Why federal Conservatives should drop their fixation with smaller government

OPINION: The Tories are doing a post-mortem on why they came up short in the 2019 election. They may want to think about abandoning a vision voters don’t share
By John Michael McGrath - Published on Nov 11, 2019
Conservative leader Andrew Scheer could face a vote from the broader party membership next spring. (Justin Tang/CP)

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Andrew Scheer still has his job, for now. The Conservative Party of Canada caucus met in Ottawa last Wednesday and opted not to invoke its power to force a leadership review. But Scheer could still face a vote from the broader party membership next spring. To try and salve the wounds he suffered during a bruising election defeat, Scheer has tapped former Ottawa-region MP (and former MPP) John Baird to lead a review of the party’s performance this year.

Scheer’s fate was being decided around the time his Ontario counterparts were trying to change theirs: after a year of misery that started with the 2018 fall economic statement and continued through the 2019 budget announcement and beyond, the Progressive Conservatives at Queen’s Park have adopted the revolutionary policy of trying to make fewer voters angry with them. That they’re spending billions more than anyone anticipated — as we explained last week — is one thing.

Here’s another: in 2021-22, they anticipate $155.9 billion in program spending. Keep in mind that, in the last budget the Wynne government presented before it was defeated, the Liberals’ long-term plan anticipated spending $159.5 billion. So, for all the right-wing bellowing about runaway spending under the Liberals, the revised Tory plan is to spend 98 per cent of what the Liberals intended to. Margins can sometimes be important, but this is more like the margin of error.

Conservative activists should take this reversal seriously. In 2014, the Tories tried to be straight with the public about the consequences of fiscal restraint (Tim Hudak’s infamous “100,000 jobs” thing), and they got defeated handily. In 2018, Doug Ford told voters that Tory spending cuts would be painless, and when that turned out not to be true, he quickly became one of the least popular premiers in the country (and later played a role in Scheer’s defeat).

Scheer isn’t just collateral damage of the Ontario fiasco, either. The Conservatives suffered in part because of their hostility to a carbon tax and their unconvincing efforts to slap together a climate policy. But conservative voters aren’t hostile to climate action because they love pollution (though recent moves by the White House do make a person wonder). Rather, they see it as a progressive Trojan horse that would lead to an expanded state — perhaps even to socialism. American conservative writer George F. Will memorably called environmentalism a “green tree with red roots,” and plenty on the right have never felt the need to revise that assessment.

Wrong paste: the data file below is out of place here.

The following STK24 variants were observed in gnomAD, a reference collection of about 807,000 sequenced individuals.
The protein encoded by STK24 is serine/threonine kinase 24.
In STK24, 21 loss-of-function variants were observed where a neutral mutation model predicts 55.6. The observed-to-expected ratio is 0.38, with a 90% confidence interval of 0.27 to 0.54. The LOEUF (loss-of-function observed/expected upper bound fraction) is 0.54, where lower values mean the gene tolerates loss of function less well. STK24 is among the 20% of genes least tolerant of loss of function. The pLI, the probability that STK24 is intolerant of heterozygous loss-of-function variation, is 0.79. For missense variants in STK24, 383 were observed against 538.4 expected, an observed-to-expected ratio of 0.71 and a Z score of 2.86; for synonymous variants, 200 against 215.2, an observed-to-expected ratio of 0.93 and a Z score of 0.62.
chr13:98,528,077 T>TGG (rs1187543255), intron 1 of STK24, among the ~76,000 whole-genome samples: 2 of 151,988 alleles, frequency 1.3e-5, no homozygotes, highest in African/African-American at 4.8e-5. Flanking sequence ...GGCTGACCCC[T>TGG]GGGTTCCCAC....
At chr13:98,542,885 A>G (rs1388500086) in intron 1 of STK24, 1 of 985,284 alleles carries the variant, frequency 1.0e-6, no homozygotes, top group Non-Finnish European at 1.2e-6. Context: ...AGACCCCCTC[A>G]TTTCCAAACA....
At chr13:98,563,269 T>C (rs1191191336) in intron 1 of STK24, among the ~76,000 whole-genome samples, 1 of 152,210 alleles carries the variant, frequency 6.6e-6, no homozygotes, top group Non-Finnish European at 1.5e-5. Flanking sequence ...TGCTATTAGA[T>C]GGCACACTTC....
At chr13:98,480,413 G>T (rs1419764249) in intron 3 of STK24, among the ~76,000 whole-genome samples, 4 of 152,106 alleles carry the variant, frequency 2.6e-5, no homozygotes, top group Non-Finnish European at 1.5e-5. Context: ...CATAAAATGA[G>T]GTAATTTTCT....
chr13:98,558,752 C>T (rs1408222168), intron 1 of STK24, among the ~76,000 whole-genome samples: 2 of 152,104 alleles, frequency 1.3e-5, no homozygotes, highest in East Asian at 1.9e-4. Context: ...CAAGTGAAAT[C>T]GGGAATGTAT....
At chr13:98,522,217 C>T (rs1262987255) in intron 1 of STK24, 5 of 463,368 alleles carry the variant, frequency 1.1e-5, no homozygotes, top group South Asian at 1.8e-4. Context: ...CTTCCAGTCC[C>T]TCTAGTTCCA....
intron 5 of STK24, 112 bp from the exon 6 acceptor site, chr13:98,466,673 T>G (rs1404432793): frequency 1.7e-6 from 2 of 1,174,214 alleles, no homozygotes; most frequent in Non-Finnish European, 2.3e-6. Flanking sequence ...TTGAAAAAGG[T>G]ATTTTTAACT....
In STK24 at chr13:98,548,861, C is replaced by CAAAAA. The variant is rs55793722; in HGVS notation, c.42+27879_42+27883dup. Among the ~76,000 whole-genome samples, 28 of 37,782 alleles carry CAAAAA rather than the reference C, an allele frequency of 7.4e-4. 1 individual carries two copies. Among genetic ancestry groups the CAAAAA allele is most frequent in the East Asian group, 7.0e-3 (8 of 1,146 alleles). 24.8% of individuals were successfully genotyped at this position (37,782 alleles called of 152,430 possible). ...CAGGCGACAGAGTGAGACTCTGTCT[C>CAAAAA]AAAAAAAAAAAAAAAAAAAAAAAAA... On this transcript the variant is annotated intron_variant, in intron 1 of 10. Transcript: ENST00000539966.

So this is what the fixation with shrinking the government has to offer conservative politicians: defeated outright if they talk about it honestly; forced to retreat under fire from furious voters if they lie about it; and incapable of putting together a compelling election platform on one of the signal issues of our age because of it.

It’s not as if the forces for smaller government haven’t had real victories: taxes and government spending per person are lower than they were during the high-deficit years of the mid-1990s. At the federal level, policy ambition in government is mostly constrained to fiddling with the tax code. Current federal deficits may run afoul of certain voters’ dogmatic insistence on achieving fiscal balance, but under the current Liberal plans, the federal debt-to-GDP ratio will continue to fall.

The Liberals actually provide a lesson for conservatives here: for most of my adulthood, the party of Jean Chrétien and Paul Martin was proud (to the point of obnoxiousness) of their role in “slaying the deficit” and balancing the federal budget. But 2015 was a generation removed from Chrétien’s first election win, and Justin Trudeau correctly judged that deficit-fighting wasn’t paying dividends for the Liberals anymore and that voters weren’t quite as terrified of the prospect of deficit spending as they once had been. Objective factors changed — Canada’s fiscal situation went from terrifying to managed — and so the Liberals changed with them, and they won.

Today, objective factors have changed on conservatives — voters aren’t clamouring for a replay of Mike Harris’s so-called Common Sense Revolution. The question for Canada’s right is whether it will be clever enough to change with them.

Nobody expects conservatives to become boosters of the planned economy and centralized federal power, but if they’re willing to move on from trying to reduce the size of government, there are things they could offer that voters might actually want.

I’ll discuss some of those ideas on Tuesday.

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